Beyond All Mortal Dreams

When I first heard that Trinity College was putting out a recording of all American music I started salivating.  I had the opportunity to hear them live on their home turf last year.  Our study abroad group made a stop in Cambridge to listen to Trinity College sing evensong last spring.  During that evensong, they sang two American works, one of which ended up on this recording.  I was blown away by their sound and commitment to the literature.  They’re director, Stephan Layton has been doing amazing things with Polyphony and The Holst Singers, his work with Trinity has been fruitful as well.

It’s rather unusual for an English choir to do an all American recording, but Layton has a track record of recording Lauridsen and Whitacre with Polyphony.  You just don’t see many other professional English choirs doing that very much.  It’s a rather brave move.  Of course, as an American I really appreciate that.

The choice of repertoire is strong and was well thought out.  Composers include Clausen, Stucky, Gjeilo, Ferko, Fissinger, Willan, Paulus and Hawley.  All great choices, but there are some other composers that I think would have made this group even stronger: Where are Ives, Barber, Argento, & Larsen, just to name a few?

At the same time, Layton isn’t presenting a “quintessential American” recording.  My only thought is that Layton is trying to put out a different sort of “American” recording, but rather a “new America.”  In other words, no Ives, Copland, Barber, or Bernstein.  That’s fair enough, and with what he’s laid out, it’s a convincing case.  I do think Argento and Larsen could have had a place in this recording however.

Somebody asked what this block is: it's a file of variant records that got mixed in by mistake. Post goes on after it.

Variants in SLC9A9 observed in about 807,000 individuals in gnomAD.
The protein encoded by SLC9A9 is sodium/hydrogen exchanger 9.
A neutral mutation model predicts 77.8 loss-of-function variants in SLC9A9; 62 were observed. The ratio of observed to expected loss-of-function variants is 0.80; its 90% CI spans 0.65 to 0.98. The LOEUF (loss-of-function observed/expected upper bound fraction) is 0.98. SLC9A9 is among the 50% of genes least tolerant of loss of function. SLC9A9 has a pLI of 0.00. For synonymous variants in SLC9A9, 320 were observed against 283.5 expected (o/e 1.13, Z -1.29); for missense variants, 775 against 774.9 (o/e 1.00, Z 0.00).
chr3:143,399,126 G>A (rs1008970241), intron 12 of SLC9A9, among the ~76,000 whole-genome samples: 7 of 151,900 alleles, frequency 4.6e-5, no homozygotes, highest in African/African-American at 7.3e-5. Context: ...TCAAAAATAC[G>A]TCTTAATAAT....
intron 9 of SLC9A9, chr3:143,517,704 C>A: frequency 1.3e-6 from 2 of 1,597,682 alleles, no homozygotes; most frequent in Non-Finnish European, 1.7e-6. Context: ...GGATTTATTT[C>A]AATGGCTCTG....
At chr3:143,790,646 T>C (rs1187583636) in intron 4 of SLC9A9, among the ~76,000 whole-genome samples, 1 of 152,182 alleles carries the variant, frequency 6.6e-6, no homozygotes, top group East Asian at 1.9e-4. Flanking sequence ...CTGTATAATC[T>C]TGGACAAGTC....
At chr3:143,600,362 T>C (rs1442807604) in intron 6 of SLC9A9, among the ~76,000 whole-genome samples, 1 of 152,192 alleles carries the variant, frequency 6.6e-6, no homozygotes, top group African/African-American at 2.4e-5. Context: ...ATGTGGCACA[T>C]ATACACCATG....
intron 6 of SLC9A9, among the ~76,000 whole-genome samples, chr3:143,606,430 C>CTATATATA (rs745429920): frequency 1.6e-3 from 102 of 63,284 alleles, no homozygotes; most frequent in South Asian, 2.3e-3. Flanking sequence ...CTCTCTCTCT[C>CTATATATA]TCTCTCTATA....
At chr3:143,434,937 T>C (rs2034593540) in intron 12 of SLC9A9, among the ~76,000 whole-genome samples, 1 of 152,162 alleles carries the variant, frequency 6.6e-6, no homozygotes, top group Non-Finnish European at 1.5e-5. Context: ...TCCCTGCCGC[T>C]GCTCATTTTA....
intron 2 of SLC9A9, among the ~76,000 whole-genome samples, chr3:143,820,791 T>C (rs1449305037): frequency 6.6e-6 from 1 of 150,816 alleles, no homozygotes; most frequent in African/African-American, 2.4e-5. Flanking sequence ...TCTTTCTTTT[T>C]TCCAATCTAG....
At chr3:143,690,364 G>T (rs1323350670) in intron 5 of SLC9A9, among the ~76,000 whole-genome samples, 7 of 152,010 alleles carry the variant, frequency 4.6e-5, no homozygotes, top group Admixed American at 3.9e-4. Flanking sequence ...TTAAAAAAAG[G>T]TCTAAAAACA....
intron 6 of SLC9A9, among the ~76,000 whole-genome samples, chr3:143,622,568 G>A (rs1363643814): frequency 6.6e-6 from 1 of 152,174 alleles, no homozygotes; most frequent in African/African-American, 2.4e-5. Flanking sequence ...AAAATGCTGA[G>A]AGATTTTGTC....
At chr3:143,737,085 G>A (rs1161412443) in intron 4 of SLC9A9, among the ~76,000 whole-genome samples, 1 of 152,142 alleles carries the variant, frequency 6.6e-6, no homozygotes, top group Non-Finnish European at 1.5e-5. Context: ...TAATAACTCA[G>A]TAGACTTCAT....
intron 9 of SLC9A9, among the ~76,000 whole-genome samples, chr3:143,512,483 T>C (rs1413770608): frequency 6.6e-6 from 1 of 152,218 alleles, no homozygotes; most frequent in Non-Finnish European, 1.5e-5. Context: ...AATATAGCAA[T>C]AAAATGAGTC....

Beyond my little complaint it’s a very compelling recording.  The choice of Stucky’s three motets “In Memoriam Thomas Tallis,” is edgy and daring, and the execution is superb.  The choice of Gjeilo’s recent publications “Sanctus” and “Phoenix” were also great.  These voluptuous movements from the mass are performed with great power and finesse.

One of the highlights of the entire disc for me is Ferko’s Hildegard Triptych.  These pieces were commissioned by one of America’s finest choirs, The Dale Warland Singers, and have become one of Ferko’s finest works.  When you consider that it was for Dale Warland’s choir you can understand why it’s tremendously difficult.  It’s written for divided double choir, and involves some very difficult tasks for a singer.  Having said that, it’s incredibly rewarding, and Trinity pulls if off extremely well.  You can tell that Layton takes some parts a bit faster (at least compared to Warland) so that his singers can maintain the sound better, but it works.

One piece I was hoping would be on here was Paulus’ “Little Elegy.”  We heard them perform that piece last year before Paulus had it published.  It was unbelievably beautiful and seemed like a perfect candidate for this recording.  When we first heard it we wondered what it was.  It sounded like Paulus but we had never heard it.  The sound of that just fill the hall of Trinity Chapel, and made the space ring with joy.  That one little disappointment is subsided by the other wonderful Paulus pieces on the recording.

Near the end of the recording are two fantastic pieces by William Hawley: “Mosella” and “Te Vigilans Oculis.”  Short but ravishing.  Hawley, in my opinion, is probably of of the most underrated American composer at least here in America.  I’m glad that Layton decided to make these a part of this recording, it helped to round things off beautifully.